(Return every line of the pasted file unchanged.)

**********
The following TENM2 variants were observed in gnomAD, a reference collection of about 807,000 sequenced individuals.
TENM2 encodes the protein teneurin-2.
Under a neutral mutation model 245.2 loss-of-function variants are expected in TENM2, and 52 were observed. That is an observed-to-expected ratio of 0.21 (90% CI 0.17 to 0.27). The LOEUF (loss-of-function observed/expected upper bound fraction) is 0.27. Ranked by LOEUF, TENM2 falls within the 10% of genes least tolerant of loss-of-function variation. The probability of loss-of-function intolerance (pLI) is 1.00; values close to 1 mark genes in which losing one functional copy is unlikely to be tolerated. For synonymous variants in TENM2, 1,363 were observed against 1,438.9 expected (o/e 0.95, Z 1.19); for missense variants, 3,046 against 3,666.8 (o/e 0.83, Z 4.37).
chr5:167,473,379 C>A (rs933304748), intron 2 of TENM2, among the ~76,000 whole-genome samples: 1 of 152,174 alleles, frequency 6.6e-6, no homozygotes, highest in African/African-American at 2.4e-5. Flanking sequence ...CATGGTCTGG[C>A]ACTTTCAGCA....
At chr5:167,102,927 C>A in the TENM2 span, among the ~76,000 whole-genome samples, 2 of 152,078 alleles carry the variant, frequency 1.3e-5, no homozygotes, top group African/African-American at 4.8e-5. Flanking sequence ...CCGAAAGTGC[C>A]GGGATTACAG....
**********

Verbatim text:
The following TENM2 variants were observed in gnomAD, a reference collection of about 807,000 sequenced individuals.
TENM2 encodes the protein teneurin-2.
Under a neutral mutation model 245.2 loss-of-function variants are expected in TENM2, and 52 were observed. That is an observed-to-expected ratio of 0.21 (90% CI 0.17 to 0.27). The LOEUF (loss-of-function observed/expected upper bound fraction) is 0.27. Ranked by LOEUF, TENM2 falls within the 10% of genes least tolerant of loss-of-function variation. The probability of loss-of-function intolerance (pLI) is 1.00; values close to 1 mark genes in which losing one functional copy is unlikely to be tolerated. For synonymous variants in TENM2, 1,363 were observed against 1,438.9 expected (o/e 0.95, Z 1.19); for missense variants, 3,046 against 3,666.8 (o/e 0.83, Z 4.37).
chr5:167,473,379 C>A (rs933304748), intron 2 of TENM2, among the ~76,000 whole-genome samples: 1 of 152,174 alleles, frequency 6.6e-6, no homozygotes, highest in African/African-American at 2.4e-5. Flanking sequence ...CATGGTCTGG[C>A]ACTTTCAGCA....
At chr5:167,102,927 C>A in the TENM2 span, among the ~76,000 whole-genome samples, 2 of 152,078 alleles carry the variant, frequency 1.3e-5, no homozygotes, top group African/African-American at 4.8e-5. Flanking sequence ...CCGAAAGTGC[C>A]GGGATTACAG....